Bishop Georg Bätzing, president of the German bishops’ conference. Courtesy: Diocese of Limburg
The head of the German Catholic bishops has said that a major ecumenical event on Saturday is “not about intercommunion.”
Bishop Georg Bätzing, chairman of the German bishops’ conference, insisted that church services attended by both Catholics and Protestants on the evening of May 15 would be “ecumenically sensitive.”
The event has provoked anxiety at the Vatican over concerns that the congress might promote a controversial proposal for a “Eucharistic meal fellowship” between Catholics and Protestants.
Bätzing, the bishop of Limburg, noted that he would celebrate Mass in Frankfurt Cathedral on Saturday, the day on which German Catholics and Protestants are invited to attend services in one another’s churches.
Bätzing said: “Just to once again confirm: The form of celebration proposed is not about intercommunion in the sense of a general reciprocal invitation to participate in the Eucharist and Lord’s Supper, but about the question of how we deal with the personal decisions of conscience of individual Catholic or Protestant Christians.”
“For me, I respect such a decision and give Communion when someone asks to receive [the Body of Christ] who believes what we Catholics believe and wants to faithfully receive the Body of the Lord in the Real Presence of Jesus Christ.”
He continued: “It is not about inviting non-Catholic Christians to Communion in general, because there is still no full communion between the separate churches.”
“Catholic canon law also recognizes the possibility that non-Catholics can receive Holy Communion under certain conditions. There is no doubt, however, that we must continue the theological dialogue on the meaning of the Eucharist and the Lord’s Supper and their meaning for church communion.”
CNA Deutsch, CNA’s German-language news partner, reported that Bätzing added that the German Catholic Church’s contentious “Synodal Way” would have an impact on ecumenical ties, though it is primarily about “an internal reform of the Catholic Church in our country.”
Bätzing wrote a letter to clergy in his Diocese of Limburg in March, advising them to give Holy Communion to non-Catholic individuals only if they requested it after examining their consciences.
In the four-page letter issued in light of the Ecumenical Church Congress, he told priests that there could be “no general, inter-denominational reception of the Eucharist” or “new forms of Eucharistic celebration.”
He wrote: “The prerequisite for a worthy reception of the Eucharistic gifts, for both Catholics and non-Catholics, is the examination of one’s conscience.”
“As pastors, we respect the decision of conscience when someone receives Holy Communion after serious examination and in accordance with the Catholic faith.”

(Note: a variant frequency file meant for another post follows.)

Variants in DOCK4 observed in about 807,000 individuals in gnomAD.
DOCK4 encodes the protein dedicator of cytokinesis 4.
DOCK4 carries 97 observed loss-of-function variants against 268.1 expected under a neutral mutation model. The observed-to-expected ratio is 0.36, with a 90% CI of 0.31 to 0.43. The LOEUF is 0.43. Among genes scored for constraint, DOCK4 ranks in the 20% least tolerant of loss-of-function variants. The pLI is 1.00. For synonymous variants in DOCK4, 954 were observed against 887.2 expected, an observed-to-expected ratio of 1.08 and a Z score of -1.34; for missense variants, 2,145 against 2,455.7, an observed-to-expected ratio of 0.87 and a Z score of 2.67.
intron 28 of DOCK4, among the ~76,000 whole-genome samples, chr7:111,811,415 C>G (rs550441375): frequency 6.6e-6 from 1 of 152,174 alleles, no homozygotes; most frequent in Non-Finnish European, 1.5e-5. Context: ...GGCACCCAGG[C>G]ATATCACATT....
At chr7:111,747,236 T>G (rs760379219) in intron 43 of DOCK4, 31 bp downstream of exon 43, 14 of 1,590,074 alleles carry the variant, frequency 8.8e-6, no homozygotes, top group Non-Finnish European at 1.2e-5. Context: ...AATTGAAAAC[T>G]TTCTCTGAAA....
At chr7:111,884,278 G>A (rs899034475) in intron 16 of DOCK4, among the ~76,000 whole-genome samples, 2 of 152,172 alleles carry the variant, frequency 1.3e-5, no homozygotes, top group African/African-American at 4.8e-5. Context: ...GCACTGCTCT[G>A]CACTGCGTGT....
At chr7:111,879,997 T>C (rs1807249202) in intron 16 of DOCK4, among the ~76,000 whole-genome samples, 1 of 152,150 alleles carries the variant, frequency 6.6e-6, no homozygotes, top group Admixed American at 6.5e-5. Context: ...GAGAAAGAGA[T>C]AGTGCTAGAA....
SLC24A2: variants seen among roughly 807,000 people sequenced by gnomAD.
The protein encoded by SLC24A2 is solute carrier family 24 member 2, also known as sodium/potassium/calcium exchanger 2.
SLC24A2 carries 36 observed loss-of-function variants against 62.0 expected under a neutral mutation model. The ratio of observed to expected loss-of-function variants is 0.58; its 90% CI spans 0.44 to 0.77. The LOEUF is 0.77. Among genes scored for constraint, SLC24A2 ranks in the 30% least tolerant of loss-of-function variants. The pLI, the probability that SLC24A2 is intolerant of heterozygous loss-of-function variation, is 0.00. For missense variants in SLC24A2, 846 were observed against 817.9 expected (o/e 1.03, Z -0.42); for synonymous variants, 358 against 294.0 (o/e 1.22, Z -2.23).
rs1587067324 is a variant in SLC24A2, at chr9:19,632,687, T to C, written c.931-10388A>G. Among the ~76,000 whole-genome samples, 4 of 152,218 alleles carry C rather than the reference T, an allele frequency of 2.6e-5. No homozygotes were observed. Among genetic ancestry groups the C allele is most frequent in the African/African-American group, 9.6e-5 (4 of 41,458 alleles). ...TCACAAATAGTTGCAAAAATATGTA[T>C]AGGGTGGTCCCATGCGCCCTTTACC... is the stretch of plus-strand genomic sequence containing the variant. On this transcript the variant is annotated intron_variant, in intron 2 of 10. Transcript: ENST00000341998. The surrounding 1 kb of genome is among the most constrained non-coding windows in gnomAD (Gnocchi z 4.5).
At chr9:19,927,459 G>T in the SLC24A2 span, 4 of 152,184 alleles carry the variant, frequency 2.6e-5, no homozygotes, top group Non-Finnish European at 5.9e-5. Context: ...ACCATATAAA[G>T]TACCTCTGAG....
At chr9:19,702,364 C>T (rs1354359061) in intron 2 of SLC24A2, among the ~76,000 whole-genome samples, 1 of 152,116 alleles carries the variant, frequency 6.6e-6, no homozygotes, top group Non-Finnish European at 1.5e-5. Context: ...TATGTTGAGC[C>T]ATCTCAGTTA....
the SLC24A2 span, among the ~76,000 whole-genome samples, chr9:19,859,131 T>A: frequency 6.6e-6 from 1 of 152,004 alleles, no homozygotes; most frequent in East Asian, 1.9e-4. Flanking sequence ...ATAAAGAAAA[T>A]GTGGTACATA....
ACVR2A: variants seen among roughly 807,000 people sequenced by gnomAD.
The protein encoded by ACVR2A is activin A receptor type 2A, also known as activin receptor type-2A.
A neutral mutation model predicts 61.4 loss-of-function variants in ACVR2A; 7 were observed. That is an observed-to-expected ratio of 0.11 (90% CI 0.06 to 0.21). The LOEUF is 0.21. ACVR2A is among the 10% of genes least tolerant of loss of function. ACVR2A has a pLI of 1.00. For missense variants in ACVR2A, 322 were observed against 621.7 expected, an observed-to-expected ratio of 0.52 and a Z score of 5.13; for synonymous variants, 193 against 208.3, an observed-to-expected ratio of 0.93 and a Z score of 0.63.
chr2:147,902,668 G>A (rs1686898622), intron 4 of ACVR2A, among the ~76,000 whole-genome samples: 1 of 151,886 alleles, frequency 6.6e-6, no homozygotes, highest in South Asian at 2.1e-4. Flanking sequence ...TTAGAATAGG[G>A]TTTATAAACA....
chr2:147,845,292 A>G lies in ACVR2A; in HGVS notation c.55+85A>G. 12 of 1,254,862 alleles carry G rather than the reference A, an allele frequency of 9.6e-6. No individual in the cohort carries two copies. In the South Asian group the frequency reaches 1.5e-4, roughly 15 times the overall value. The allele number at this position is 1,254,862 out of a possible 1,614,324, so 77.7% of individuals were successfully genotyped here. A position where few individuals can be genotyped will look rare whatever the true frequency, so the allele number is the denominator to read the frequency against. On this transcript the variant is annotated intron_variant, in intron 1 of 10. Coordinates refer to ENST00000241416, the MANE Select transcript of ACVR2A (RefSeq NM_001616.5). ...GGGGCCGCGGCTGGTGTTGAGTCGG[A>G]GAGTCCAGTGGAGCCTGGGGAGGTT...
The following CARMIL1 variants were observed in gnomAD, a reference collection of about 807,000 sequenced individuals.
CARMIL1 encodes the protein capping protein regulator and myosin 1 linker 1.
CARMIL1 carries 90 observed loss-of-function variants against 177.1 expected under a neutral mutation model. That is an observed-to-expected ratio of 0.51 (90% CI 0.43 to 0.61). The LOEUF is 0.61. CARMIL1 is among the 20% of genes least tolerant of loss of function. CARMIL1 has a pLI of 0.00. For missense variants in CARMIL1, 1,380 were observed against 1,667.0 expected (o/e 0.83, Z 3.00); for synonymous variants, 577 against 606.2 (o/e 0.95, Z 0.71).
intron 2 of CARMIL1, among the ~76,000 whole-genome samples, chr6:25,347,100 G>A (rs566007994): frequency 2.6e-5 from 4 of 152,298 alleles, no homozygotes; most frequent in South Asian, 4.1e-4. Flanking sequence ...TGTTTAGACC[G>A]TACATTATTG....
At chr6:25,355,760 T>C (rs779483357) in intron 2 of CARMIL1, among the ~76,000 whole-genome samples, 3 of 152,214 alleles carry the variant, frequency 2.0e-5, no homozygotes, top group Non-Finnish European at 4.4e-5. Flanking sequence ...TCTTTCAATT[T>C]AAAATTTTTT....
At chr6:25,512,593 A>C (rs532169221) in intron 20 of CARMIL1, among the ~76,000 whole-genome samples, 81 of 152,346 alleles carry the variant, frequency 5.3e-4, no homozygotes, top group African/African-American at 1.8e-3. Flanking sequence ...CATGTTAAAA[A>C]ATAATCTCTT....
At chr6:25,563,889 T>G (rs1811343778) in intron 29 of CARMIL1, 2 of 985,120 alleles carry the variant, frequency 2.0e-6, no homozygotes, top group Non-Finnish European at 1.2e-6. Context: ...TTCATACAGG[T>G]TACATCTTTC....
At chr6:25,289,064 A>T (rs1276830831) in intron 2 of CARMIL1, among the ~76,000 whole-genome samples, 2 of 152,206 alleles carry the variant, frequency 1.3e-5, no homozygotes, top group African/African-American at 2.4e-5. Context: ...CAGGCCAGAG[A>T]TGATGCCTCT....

He issued the letter amid debate over the proposed “Eucharistic meal fellowship” between Catholics and Protestants in Germany.
The proposal was made by the Ecumenical Study Group of Protestant and Catholic Theologians (known by its German initials, ÖAK) in a 2019 document entitled “Together at the Lord’s Table.”
The ÖAK adopted the text under the co-chairmanship of Bätzing and the retired Lutheran Bishop Martin Hein.
The study group, founded in 1946, is independent of both the German Catholic bishops’ conference and the Evangelical Church in Germany (EKD), an organization representing 20 Protestant groups. But the ÖAK informs both bodies about its deliberations.
The ÖAK document raised alarm at the Vatican, prompting an intervention by the Congregation for the Doctrine of the Faith (CDF) in September 2020.
In a four-page critique and a letter to Bätzing, the doctrinal congregation emphasized that significant differences in understanding of the Eucharist and ministry remain between Protestants and Catholics.
“The doctrinal differences are still so important that they currently rule out reciprocal participation in the Lord’s Supper and the Eucharist,” it said.
“The document cannot, therefore, serve as a guide for an individual decision of conscience about approaching the Eucharist.”
The CDF cautioned against any steps towards intercommunion between Catholics and members of the EKD.
Following the Vatican intervention, Bätzing has repeatedly ruled out general intercommunion, while saying that he respects the “personal decision of conscience” of individual Protestants to receive Communion in Catholic churches.
The 60-year-old bishop told ACI Stampa, CNA’s Italian-language news partner, in a May 6 interview that the current debate was not about a general invitation to Protestants to receive Communion, but rather about the Church’s approach to individual non-Catholic Christians who wish to receive the Eucharist.
He said: “It is not a question of generically extending the invitation to Communion to all non-Catholic Christians.”
He also noted that canon law permits non-Catholics to receive Communion on certain occasions.
Canon 844, § 4, of the Code of Canon Law says: “If the danger of death is present or if, in the judgment of the diocesan bishop or conference of bishops, some other grave necessity urges it, Catholic ministers administer these same sacraments licitly also to other Christians not having full communion with the Catholic Church, who cannot approach a minister of their own community and who seek such on their own accord, provided that they manifest Catholic faith in respect to these sacraments and are properly disposed.”
Bätzing told ACI Stampa: “We must undoubtedly continue the theological dialogue on the importance of the Eucharist and the Lord’s Supper. And fortunately, there are already clear convergences in recent years.”